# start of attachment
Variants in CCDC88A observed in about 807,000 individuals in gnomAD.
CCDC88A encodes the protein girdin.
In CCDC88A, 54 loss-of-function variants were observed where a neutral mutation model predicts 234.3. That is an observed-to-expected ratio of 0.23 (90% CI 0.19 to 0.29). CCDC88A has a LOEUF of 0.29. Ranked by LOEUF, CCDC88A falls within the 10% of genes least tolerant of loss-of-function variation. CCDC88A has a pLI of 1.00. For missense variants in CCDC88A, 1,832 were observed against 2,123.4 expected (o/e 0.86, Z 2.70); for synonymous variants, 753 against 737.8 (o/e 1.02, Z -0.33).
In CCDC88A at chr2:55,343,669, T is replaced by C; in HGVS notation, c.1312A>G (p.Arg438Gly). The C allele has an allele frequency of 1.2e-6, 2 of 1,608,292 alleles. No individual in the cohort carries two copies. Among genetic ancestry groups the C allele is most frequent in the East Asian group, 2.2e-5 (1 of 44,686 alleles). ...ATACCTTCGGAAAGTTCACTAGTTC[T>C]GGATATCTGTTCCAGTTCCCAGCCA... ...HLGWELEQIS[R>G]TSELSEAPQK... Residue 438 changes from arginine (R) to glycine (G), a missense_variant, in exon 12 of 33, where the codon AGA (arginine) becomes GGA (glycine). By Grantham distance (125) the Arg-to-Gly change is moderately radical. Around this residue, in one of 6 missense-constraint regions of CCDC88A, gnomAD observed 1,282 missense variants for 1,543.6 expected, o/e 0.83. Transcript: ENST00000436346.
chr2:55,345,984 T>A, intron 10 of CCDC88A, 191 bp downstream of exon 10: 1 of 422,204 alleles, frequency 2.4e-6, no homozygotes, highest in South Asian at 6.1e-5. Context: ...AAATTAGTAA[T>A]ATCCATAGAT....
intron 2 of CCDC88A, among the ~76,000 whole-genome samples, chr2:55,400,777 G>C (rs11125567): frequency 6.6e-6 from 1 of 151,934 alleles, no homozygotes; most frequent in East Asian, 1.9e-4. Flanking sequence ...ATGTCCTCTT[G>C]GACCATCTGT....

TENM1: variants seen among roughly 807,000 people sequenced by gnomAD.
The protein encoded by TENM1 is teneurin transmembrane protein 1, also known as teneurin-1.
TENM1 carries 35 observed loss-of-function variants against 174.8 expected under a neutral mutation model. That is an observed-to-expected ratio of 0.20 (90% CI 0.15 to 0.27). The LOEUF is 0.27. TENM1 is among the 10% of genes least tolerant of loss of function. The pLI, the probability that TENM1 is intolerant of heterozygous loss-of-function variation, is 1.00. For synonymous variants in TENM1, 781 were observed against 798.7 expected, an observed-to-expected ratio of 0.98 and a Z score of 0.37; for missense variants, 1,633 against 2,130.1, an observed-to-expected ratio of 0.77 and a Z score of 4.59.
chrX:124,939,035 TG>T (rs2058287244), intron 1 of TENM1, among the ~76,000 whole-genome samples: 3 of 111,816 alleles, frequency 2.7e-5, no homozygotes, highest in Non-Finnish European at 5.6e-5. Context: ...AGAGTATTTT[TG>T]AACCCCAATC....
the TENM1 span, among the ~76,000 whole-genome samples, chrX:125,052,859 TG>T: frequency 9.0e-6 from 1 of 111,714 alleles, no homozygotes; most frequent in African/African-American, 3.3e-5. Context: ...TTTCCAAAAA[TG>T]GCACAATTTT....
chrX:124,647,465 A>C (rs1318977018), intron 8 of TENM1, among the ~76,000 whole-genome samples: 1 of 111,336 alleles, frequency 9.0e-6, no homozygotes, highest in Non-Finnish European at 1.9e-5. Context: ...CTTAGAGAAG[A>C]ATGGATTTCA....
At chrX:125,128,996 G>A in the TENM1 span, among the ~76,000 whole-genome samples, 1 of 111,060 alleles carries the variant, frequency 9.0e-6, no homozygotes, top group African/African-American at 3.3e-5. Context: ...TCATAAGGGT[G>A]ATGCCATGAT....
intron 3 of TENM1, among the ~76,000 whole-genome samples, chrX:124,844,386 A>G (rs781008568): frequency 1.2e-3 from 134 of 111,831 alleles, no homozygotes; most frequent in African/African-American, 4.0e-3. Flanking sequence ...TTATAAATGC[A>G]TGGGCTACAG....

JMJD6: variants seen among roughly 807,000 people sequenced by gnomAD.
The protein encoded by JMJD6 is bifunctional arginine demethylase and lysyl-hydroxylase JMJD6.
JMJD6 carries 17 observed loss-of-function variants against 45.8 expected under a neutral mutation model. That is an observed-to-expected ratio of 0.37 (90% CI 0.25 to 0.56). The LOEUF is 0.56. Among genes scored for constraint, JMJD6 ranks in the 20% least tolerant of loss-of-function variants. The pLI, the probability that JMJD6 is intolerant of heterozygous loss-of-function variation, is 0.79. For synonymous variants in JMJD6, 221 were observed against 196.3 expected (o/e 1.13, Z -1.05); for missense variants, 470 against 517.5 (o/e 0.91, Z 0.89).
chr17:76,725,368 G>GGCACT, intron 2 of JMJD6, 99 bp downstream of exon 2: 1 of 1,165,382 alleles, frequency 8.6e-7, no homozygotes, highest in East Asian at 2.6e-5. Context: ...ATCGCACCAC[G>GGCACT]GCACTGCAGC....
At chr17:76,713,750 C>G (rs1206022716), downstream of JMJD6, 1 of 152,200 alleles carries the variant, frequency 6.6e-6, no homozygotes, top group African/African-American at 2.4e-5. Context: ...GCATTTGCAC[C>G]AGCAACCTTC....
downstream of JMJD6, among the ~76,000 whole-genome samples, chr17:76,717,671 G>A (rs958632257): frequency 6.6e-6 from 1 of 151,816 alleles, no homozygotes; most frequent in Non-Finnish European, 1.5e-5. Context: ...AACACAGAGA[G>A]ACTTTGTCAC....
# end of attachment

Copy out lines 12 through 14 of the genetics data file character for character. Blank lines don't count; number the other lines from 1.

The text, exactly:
chrX:124,647,465 A>C (rs1318977018), intron 8 of TENM1, among the ~76,000 whole-genome samples: 1 of 111,336 alleles, frequency 9.0e-6, no homozygotes, highest in Non-Finnish European at 1.9e-5. Context: ...CTTAGAGAAG[A>C]ATGGATTTCA....
At chrX:125,128,996 G>A in the TENM1 span, among the ~76,000 whole-genome samples, 1 of 111,060 alleles carries the variant, frequency 9.0e-6, no homozygotes, top group African/African-American at 3.3e-5. Context: ...TCATAAGGGT[G>A]ATGCCATGAT....
intron 3 of TENM1, among the ~76,000 whole-genome samples, chrX:124,844,386 A>G (rs781008568): frequency 1.2e-3 from 134 of 111,831 alleles, no homozygotes; most frequent in African/African-American, 4.0e-3. Flanking sequence ...TTATAAATGC[A>G]TGGGCTACAG....